Replace <username> with your username and <password> with your password.

            ds = dsws.Datastream(username = '<username>', password = '<password>')

3. Use the code below to get daily price in the last 1 year of these three instruments using DataStream.

Parameter Description Example format
tickers  Tickers here are set to 3 RICs (LP68511418,LP68087222,LP68663339), this can be replace with any RICs of fund tickers = 'RIC1,RIC2,RIC3,...,RICn'
tickers = 'LP68511418,LP68087222,LP68663339'
fields Set to 'X', which is the default value. The default value can be checked using Datastream datatype search tool provided earlier fields = ['FIELD']
fields = ['X']
start Take the date of the last 12 months as a starting point for the data start = '-12M'
end Take today's date as an ending point of the data end = '0M'
freq Frequency of the data, D, which is day is used in this case freq = 'D'

df = ds.get_data(tickers = 'LP68511418,LP68087222,LP68663339', fields = ['X']

                 , start = '-12M', end = '0M', freq='D')


4. Then we're going to prepare the Python dictionary of price of all the dates of each instrumet by converting the dataframe to Python dictionary and set the RIC as a key, price as a value.



def data_prep(df):

    price_dict = df.to_dict()

    price_dict = dict((key[0], value) for (key, value) in price_dict.items())

    for date in price_dict:

        price_dict[date] = dict((key, value) for (key, value) in price_dict[date].items() if not isnan(value))



price_dict = data_prep(df)


5. Calculate MDD of this price_dict with the function defined above


mdd_last_1_year = cal_mdd(price_dict)


Now we already have a Python dictionary named mdd_last_1_year that contain the instrument's RIC as a key and its MDD as a value 

            {'LP68511418': -21.79250166383198,
'LP68087222': -14.638469783164323,
'LP68663339': -36.206896551724135}

What can you do with MDDs?

Let's look at an example of using MDD as a factor to consider investing in any instruments, I'm going to do the backtesting by looking at the yearly MDD of the previous year and select funds with less MDD to be invested, then check the result by checking their return of the previous year to see if it helps me to loss less.

First, we're going to look at the instruments below, which are the active mutual funds in technology in the Lipper Global schema classification with the green strategy.

Instrument Instrument description
LP40221832 AGF Global Sustainable Equity Fund
LP40109383 Artisan Sustainable Emerging Markets Fund
LP40229598 BlackRock Global Impact Fund
LP40229602 BlackRock International Impact Fund
LP40228661 PIMCO Climate Bond Fund
LP40048702 Pax High Yield Bond Fund
LP40221655 Pear Tree Essex Environmental Opportunities Fd
LP40005806 Putnam Sustainable Leaders Fund

From this, we're retrieving their price using Datastream and calculating their MDDs with the same code that was mentioned in the previous section, but with the list of these instruments instead.


instruments = 'LP40221832,LP40109383,LP40229598,LP40229602,LP40228661,LP40048702,LP40221655,LP40005806'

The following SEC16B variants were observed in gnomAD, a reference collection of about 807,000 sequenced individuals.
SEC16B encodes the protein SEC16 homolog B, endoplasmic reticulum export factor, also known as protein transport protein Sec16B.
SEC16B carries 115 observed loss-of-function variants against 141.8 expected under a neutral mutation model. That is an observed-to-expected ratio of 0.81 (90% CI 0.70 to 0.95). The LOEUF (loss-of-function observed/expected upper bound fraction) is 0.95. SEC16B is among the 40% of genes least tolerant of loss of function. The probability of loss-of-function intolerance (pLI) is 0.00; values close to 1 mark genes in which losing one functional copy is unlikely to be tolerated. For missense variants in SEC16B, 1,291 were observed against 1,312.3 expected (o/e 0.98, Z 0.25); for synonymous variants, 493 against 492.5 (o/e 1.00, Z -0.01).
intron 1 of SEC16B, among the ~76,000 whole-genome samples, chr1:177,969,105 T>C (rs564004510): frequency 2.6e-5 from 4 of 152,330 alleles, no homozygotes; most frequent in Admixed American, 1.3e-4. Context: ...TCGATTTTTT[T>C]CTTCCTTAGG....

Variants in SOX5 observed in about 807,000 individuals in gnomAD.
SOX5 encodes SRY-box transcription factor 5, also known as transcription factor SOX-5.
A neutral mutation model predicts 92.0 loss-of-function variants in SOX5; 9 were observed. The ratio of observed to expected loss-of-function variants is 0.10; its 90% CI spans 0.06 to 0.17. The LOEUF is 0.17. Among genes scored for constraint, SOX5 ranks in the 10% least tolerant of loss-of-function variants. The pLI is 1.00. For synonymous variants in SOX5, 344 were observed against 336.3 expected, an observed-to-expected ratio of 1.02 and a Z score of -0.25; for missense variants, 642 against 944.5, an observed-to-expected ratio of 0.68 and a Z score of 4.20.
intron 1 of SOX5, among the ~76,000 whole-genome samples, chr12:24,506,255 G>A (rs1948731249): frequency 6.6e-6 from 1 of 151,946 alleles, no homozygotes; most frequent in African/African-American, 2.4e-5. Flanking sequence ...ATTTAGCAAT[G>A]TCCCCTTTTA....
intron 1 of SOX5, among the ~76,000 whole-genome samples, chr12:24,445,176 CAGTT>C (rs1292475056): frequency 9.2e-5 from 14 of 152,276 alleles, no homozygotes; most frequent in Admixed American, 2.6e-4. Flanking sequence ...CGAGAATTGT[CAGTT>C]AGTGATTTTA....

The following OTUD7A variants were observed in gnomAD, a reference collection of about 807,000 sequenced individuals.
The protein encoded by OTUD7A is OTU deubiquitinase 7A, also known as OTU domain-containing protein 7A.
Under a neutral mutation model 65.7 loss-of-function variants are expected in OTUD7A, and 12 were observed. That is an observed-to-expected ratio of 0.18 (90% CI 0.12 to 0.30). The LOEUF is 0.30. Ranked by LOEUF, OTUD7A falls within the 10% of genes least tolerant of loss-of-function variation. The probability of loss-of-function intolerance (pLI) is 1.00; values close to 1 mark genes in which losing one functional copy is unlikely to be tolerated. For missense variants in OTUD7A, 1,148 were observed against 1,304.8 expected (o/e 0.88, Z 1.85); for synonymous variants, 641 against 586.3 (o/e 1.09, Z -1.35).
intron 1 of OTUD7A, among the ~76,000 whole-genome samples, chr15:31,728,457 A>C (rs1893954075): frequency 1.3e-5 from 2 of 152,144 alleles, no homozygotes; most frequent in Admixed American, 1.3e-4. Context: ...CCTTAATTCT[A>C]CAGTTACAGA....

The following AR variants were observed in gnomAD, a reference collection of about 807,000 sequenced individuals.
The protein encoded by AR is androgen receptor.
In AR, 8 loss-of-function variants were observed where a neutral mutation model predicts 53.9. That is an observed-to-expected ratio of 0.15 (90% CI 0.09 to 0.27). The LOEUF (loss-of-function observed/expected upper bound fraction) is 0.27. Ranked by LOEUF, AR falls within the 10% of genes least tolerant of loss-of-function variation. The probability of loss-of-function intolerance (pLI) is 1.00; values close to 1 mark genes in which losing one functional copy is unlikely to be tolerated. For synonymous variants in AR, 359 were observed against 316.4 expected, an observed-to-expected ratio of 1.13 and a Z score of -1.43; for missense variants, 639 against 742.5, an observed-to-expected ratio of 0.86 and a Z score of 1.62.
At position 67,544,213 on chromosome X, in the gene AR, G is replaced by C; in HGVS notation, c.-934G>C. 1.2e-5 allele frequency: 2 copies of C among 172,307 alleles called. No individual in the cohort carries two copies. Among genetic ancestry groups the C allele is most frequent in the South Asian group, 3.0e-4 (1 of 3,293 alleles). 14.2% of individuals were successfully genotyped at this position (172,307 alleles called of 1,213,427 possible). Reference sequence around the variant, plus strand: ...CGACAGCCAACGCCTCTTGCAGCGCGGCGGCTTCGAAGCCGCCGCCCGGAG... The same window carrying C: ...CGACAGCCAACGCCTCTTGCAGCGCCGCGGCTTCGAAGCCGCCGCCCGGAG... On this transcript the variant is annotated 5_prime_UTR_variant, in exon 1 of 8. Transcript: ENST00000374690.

df_prev_year = ds.get_data(tickers = instruments, fields = ['X']

                 , start = '-24M', end = '-12M', freq='D')

price_dict = data_prep(df_prev_year)

mdd_prev_year = cal_mdd(price_dict)


Here's their yearly MDDs of the last year.

            {'LP40221832': -8.717978107627955,
'LP40109383': -11.370786516853938,
'LP40229598': -10.834371108343701,
'LP40229602': -19.906166219839147,
'LP40228661': -2.4832855778414498,
'LP40048702': -2.2889842632331923,
'LP40221655': -16.933066933066936,
'LP40005806': -8.81461598406788}

Regarding this data, instead of investing in all of the instruments, I'm going to select only the instruments with less MDD (which have a higher value as the MDD is a minus number). Hence, I select half of the instruments with less MDD, which are

Instrument Previous year MDD
LP40221832 -8.717978107627955
LP40228661 -2.4832855778414498
LP40048702 -2.2889842632331923
LP40005806 -8.81461598406788

Next, let's see the result by checking their return for the last year, this data is being retrieved using Eikon Data API (for more detail, check Eikon Data API Overview and its quick start guide)
The code below is used, the data is taken from the field named 'TR.TotalReturn1YrCrossAsset', which is 1-year total return that incorporates the price change and any relevant dividends for the last year.


import eikon as ek


ek.set_app_key('### Your Eikon App Key ###')


year_return, err = ek.get_data(['LP40221832','LP40109383','LP40229598','LP40229602','LP40228661','LP40048702','LP40221655','LP40005806'],


year_return_dict = dict(zip(year_return['Instrument'], year_return['1 Year Total Return Cross Asset']))

And their returns are as the table below, we could see that the instruments that we decided to invest for are also a top 4 of return compared to other instruments in the list.

No. Instrument Yearly return Decide to invest?
1 LP40221832 -23.2527537 Yes
2 LP40109383 -32.323344 No
3 LP40229598 -32.2921591 No
4 LP40229602 -35.0363303 No
5 LP40228661 -11.3077075 Yes
6 LP40048702 -14.267095 Yes
7 LP40221655 -32.3474739 No
8 LP40005806 -19.5482169 Yes


Regarding the backtesting above, it shows that checking the MDD can help prevent the loss from the investment by avoiding the instruments with the huge MDD. However, in the real scenario, other factors should be considered before the investment as well. Feel free to discover more articles in this developer forum to learn how the data can be used in any cases.

Last but not least, The Maximum Drawdown (MDD) is an indicator of downside risk over a specific time period, which is daily data of the last 1 year in this case. This data can be used to check the fund's past performance to be a part of the factors to consider investing in it. I hope you have fun with this article and if you have any questions or issues regarding API usage, please don’t hesitate to post your question on our Q&A forum